What is a fichu? Glad you asked. It's a little triangle shaped scarf that ladies used to drape around their neck and tuck into the front of their neckline. The dresses had such low necklines, all that skin was exposed to the cold. This would be a great chance to finally knit something lace, with all the books I've collected. I may use the triangular Feather and Fan pattern in Folk Shawls. It works from the top center, right at the neck, and then builds out from there, so I can stop whenever I need to.

So while I should probably think about wrapping up stuff at work, including an audit and grant proposal, and a pending staff meeting that should start right now, I am writing about my knitting. And this is why I knit -- to keep the stress at bay, and to have pretty things to wear.

Monday, March 5, 2007

Storybook knitting

Purlescence has a contest combining fairy tales and knitting. Love the concept. Here's the description from their website:

What would your favourite storybook heroine knit? Literature is full of missed knitting opportunities. This is your chance to set that straight. Think of Rumpelstiltskin, Bluebeard, Red Riding Hood, but don't stop there. Pick a well known character from a book or even a film or TV show, and design a project for her or him. Remember to tell us the story behind the concept.

The submission deadline is April 15, and this is the last contest in this series.

The first thing that came to mind was Jane Austen and a short fitted cardigan. I don't remember much knitting in the movies or books, but in Sense and Sensibility, the movie there were sheep in a few scenes. Emma Thompson's commentary track mentioned that Ang Lee really wanted the sheep to be very wooly but it got to the point that the sheep were too wooly and over heating, so they had to be sheared anyway.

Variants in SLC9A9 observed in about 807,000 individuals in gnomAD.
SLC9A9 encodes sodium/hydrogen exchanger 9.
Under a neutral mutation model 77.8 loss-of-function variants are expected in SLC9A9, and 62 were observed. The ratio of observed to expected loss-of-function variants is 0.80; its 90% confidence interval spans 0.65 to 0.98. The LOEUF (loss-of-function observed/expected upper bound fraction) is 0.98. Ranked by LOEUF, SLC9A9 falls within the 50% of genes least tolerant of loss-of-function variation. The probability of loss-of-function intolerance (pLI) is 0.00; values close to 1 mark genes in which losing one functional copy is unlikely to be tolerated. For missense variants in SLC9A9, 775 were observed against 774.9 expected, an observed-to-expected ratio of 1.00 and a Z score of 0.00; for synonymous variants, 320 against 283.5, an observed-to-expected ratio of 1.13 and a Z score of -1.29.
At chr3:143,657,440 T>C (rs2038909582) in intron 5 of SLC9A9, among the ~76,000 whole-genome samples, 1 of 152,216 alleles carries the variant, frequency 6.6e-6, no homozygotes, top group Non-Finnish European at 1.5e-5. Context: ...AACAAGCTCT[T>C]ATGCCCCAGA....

So it makes perfect sense that Elinor, the ever practical one, would knit to keep busy while keeping watch over Marianne or to calm her mind over Edward. Certainly a beaded knitted purse for use at a ball would be appropriate for any of the Austen characters, like Kitty and Lydia in a tizzy over getting ready for the ball.

Or the Monkey King crocheting his vest. The Monkey King has a magical staff that can change size. It can grow long to be a fighting staff or shrink to the size of a pencil, which he then tucks behind his ear. What if it had a notch at one end, and then it would be a crochet hook.

Something to think about over the next month.

Why the blog?

A few words about why I started this blog, and the name.

First, I wanted a place to put thoughts and impressions about my upcoming trip. I'll have a notebook and camera, but it's a month-long trip. That's a lot to try to condense and share at the end. I'll be calling Husband everyday, but there are some people I have gotten into the habit of e-mail often and would like to continue communicating with them. And if I'm logging on to e-mail, I might as well log on to blog.

This trip is for work and I have started a work blog at And if I'm going to blog for work, I need a place to put my thoughts that are not work related, like the yarn shops I visited, or the meals I had, or whatever. One of the cities I'm going to, I went to for my honeymoon, and the hotel will be close to some of the places Husband and I went to, and a big scene in Bridget Jones's Diary: the Edge of Reason is set there. Not quite things to include in the workplace blog. Very, very important to separate business and pleasure.